“Jesus cried out in a loud voice, and gave up his spirit. And behold, the veil of the sanctuary was torn in two from top to bottom. The earth quaked, rocks were split, tombs were opened and the bodies of many saints who had fallen asleep were raised.”
On Sunday we begin our annual observance of Holy Week with the celebration of Palm Sunday of the Lord’s Passion. Two Gospel passages are used for the liturgy. The first recalls Jesus’ triumphant entry into Jerusalem. The Gospel is proclaimed at the beginning of Mass as part of the procession with palms into the church. The second is the Passion of the Lord. Both readings come from the Gospel according to Matthew.
Having the two Gospel passages proclaimed in one liturgy reminds us of the drastic turn of events in a few short days. Jesus is welcomed into Jerusalem with great joy by the crowds who acclaim him as he enters the city. Within five days the crowds will participate in calling for his death.
While the reactions of the crowd are fickle, the triumph of Jesus is clear in both. As Jesus enters Jerusalem the crowds rightly acclaim “Hosanna to the Son of David; blessed is he who comes in the name of the Lord; hosanna in the highest!” Then as he gives up his spirit on the cross his victory is proclaimed, knowingly or not, by the centurion who says: “Truly, this was the Son of God!”
The evangelist marks Jesus’ triumph when he speaks of the “veil of the sanctuary” being torn in two from top to bottom. The image is packed with meaning. The “veil of the sanctuary” was the cloth drapery that covered the entrance to the Holy of Holies — the inner-most room — in the Temple.
It was here that the Ark of the Covenant was held. The Ark contained the tablets of the covenant that Moses received on Mount Sinai. The only time someone could go into the Holy of Holies was on the Day of Atonement. On this day the high priest would go into the sacred place with the offering that the people had made, in seeking God’s mercy.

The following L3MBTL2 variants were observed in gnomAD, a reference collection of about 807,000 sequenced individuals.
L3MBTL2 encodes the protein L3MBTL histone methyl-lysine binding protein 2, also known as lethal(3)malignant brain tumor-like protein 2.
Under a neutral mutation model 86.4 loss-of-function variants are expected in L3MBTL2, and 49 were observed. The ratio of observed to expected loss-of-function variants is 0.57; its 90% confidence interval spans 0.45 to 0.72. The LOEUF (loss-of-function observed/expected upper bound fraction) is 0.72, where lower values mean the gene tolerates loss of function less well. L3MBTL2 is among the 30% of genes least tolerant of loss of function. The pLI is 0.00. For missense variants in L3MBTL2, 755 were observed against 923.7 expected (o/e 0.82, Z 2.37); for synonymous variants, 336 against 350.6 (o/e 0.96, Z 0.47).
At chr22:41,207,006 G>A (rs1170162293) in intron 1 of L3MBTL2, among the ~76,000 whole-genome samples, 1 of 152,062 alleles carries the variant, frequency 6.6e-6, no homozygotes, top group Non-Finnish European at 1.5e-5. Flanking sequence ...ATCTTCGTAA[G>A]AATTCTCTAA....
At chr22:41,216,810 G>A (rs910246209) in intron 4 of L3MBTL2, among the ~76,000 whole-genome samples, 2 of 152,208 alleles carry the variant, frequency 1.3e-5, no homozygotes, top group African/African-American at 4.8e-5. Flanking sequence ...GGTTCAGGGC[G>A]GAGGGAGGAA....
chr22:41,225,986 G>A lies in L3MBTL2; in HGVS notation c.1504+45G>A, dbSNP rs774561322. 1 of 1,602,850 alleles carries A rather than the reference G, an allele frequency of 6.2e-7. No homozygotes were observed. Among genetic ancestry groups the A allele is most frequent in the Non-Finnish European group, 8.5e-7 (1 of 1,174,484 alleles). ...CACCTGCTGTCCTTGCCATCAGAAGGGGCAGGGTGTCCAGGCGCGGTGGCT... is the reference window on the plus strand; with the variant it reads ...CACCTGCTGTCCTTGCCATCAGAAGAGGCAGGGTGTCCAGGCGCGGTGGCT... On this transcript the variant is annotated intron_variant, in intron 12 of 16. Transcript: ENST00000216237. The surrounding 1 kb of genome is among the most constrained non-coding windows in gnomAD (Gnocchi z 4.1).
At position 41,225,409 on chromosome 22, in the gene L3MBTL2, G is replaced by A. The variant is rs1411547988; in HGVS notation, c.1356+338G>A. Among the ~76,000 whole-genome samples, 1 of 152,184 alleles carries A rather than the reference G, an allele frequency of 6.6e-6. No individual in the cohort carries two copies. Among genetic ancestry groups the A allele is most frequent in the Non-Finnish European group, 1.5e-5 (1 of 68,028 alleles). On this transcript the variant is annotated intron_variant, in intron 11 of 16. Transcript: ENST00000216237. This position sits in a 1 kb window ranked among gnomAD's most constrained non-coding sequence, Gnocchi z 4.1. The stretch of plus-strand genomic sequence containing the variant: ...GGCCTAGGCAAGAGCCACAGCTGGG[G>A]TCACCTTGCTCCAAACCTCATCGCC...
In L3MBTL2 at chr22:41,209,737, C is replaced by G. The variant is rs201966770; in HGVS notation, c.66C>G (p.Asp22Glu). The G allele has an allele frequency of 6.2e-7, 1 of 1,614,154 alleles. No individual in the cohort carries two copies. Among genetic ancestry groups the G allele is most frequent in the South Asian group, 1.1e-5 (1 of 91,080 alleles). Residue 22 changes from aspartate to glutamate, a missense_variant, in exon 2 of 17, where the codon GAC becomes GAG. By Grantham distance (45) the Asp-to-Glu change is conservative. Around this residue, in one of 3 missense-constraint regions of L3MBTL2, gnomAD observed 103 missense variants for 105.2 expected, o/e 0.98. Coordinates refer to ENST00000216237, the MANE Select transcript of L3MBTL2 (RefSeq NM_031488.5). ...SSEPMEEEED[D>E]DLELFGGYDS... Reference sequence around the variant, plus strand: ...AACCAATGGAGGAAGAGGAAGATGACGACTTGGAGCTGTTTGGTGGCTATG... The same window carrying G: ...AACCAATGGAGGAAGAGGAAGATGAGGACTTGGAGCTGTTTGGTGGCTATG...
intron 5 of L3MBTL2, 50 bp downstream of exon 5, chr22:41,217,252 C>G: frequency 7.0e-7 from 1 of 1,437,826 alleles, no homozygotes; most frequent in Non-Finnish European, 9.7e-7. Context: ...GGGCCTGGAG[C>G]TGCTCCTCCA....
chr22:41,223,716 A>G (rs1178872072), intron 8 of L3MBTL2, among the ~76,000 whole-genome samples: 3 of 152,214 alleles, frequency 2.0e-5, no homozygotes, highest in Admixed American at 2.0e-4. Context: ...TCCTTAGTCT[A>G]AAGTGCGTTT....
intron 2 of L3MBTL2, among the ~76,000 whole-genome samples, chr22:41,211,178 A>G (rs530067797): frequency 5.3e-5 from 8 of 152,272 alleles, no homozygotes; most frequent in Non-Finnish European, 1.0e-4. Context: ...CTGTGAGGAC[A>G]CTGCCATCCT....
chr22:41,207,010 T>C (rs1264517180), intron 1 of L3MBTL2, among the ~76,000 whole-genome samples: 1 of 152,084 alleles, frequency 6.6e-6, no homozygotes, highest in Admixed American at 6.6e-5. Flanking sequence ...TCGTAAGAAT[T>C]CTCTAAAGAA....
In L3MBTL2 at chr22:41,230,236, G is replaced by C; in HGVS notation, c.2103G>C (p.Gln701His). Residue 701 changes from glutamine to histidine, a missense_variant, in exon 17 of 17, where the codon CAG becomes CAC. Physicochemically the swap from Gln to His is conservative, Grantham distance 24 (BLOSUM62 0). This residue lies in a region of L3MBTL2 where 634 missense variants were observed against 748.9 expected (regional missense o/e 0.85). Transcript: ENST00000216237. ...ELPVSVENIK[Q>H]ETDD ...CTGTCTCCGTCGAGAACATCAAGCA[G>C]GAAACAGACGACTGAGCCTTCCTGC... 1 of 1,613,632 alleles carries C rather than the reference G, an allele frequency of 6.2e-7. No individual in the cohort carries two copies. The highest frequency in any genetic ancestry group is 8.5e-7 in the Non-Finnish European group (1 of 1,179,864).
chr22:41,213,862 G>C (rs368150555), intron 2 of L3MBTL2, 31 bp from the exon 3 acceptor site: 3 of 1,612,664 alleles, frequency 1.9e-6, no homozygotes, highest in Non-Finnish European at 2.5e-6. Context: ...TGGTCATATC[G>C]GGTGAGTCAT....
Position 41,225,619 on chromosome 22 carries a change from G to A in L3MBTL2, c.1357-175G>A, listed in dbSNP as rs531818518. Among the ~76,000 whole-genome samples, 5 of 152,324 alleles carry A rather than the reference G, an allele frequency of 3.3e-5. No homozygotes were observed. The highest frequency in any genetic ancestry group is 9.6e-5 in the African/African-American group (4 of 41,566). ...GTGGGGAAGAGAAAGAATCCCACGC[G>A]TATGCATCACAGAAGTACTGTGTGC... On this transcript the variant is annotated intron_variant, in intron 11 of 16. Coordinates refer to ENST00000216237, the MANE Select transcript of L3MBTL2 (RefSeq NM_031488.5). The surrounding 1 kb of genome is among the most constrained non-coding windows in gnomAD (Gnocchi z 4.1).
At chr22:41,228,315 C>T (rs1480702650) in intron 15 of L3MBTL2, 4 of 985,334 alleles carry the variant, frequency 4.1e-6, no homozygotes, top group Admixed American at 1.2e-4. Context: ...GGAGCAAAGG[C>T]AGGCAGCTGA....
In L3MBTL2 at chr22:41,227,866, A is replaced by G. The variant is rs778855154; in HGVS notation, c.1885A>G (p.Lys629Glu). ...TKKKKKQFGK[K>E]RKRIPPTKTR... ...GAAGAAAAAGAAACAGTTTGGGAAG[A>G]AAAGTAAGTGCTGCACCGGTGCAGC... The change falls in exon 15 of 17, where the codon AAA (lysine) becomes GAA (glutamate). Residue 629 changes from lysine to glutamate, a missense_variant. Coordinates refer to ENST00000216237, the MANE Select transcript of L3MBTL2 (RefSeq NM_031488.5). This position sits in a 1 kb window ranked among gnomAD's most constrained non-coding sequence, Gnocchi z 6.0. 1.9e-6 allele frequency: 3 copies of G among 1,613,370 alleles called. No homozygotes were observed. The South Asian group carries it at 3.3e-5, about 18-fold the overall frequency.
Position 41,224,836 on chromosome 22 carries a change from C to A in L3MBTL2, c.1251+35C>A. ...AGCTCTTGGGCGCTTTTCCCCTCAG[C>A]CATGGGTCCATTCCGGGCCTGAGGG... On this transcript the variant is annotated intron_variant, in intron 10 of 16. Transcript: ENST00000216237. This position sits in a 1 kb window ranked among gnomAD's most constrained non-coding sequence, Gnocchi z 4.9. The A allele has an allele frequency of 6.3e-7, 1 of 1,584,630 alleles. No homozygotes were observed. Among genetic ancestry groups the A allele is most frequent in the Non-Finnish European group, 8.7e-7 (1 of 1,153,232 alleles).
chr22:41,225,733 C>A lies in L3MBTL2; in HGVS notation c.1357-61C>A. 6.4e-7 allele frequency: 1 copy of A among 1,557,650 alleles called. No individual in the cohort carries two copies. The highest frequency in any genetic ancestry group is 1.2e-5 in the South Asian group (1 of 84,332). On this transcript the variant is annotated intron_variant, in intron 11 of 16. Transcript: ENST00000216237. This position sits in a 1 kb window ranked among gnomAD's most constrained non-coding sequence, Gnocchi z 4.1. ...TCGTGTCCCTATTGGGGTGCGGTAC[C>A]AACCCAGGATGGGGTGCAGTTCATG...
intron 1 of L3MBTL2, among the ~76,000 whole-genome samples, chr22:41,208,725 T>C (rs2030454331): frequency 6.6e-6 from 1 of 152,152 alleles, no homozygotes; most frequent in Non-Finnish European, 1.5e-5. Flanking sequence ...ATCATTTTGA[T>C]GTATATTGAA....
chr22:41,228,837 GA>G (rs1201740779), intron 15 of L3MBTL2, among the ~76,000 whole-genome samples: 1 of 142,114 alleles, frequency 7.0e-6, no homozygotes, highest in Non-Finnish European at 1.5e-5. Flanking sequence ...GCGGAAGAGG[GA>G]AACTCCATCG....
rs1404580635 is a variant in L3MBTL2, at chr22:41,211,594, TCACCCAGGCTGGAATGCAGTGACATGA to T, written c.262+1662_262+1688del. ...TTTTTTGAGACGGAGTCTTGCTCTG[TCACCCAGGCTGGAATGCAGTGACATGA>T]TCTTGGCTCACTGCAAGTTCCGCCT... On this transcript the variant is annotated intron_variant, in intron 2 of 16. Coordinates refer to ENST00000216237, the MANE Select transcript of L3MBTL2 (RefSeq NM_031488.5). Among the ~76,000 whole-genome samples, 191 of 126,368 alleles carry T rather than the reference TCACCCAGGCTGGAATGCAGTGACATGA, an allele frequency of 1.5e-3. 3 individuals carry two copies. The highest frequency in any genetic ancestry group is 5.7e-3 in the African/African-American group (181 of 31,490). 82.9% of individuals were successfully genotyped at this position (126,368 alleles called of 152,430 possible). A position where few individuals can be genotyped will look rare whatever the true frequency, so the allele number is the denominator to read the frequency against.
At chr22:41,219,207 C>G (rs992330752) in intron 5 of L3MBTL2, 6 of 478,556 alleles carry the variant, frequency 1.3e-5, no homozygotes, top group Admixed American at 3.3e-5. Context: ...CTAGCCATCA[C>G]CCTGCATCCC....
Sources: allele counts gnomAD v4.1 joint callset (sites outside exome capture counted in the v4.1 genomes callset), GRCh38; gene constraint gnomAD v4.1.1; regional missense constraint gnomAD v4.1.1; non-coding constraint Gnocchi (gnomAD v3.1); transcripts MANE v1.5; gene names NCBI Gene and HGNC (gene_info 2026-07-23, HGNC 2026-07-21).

The veil would be opened as the high priest went in and as he went out. The top of the Ark of the Covenant was called the “Mercy Seat.” From here God’s mercy and forgiveness was poured out on the people.
As Jesus dies on the cross by “giving up his spirit,” he acts as the priest and the sacrifice. His offering, on behalf of the people, is his very self. By use of the Temple imagery St. Matthew tells us that this is the act that “opens the door” to God’s mercy and forgiveness. No longer is atonement sought on an annual basis, but it has been accomplished in one perfect act of praise.
The significance of the event is further emphasized by the evangelist as he uses images that suggest the world has been shaken to its core — “the earth quaked and rocks were split.” Death, which is a consequence of sin, is now defeated through mercy as the evangelist recalls: “tombs were opened, and the bodies of many saints who had fallen asleep were raised.”
St. Paul, when writing to the Church at Philippi, incorporates a hymn of praise into his letter. This hymn is the second reading for Sunday’s liturgy and is perhaps one of the earliest Christian writings in the New Testament.
The hymn proclaims the offering of Jesus who “humbled himself, becoming obedient to the point of death, even death on the cross,” and his victory: “Because of this, God greatly exalted him and bestowed on him the name which is above every name, that at the name of Jesus every knee should bend, of those in heaven and on earth and under the earth, and every tongue confess, Jesus Christ is Lord, to the glory of God the Father.”
The celebration of Passion Sunday brings together the great moments of joy and sadness, tragedy and triumph, sin and mercy, death and life. Faith enables us to enter into the mystery we celebrate. It is not something that we “figure out” but rather “enter into.”
In Holy Week we celebrate the love God has for us in Christ Jesus. The passion and death of the Lord is the highest witness to this love. This love leads to life. This death leads to resurrection.
Msgr. Joseph Prior is pastor of St. John the Evangelist Parish, Morrisville, and a former professor of Sacred Scripture and rector of St. Charles Borromeo Seminary.
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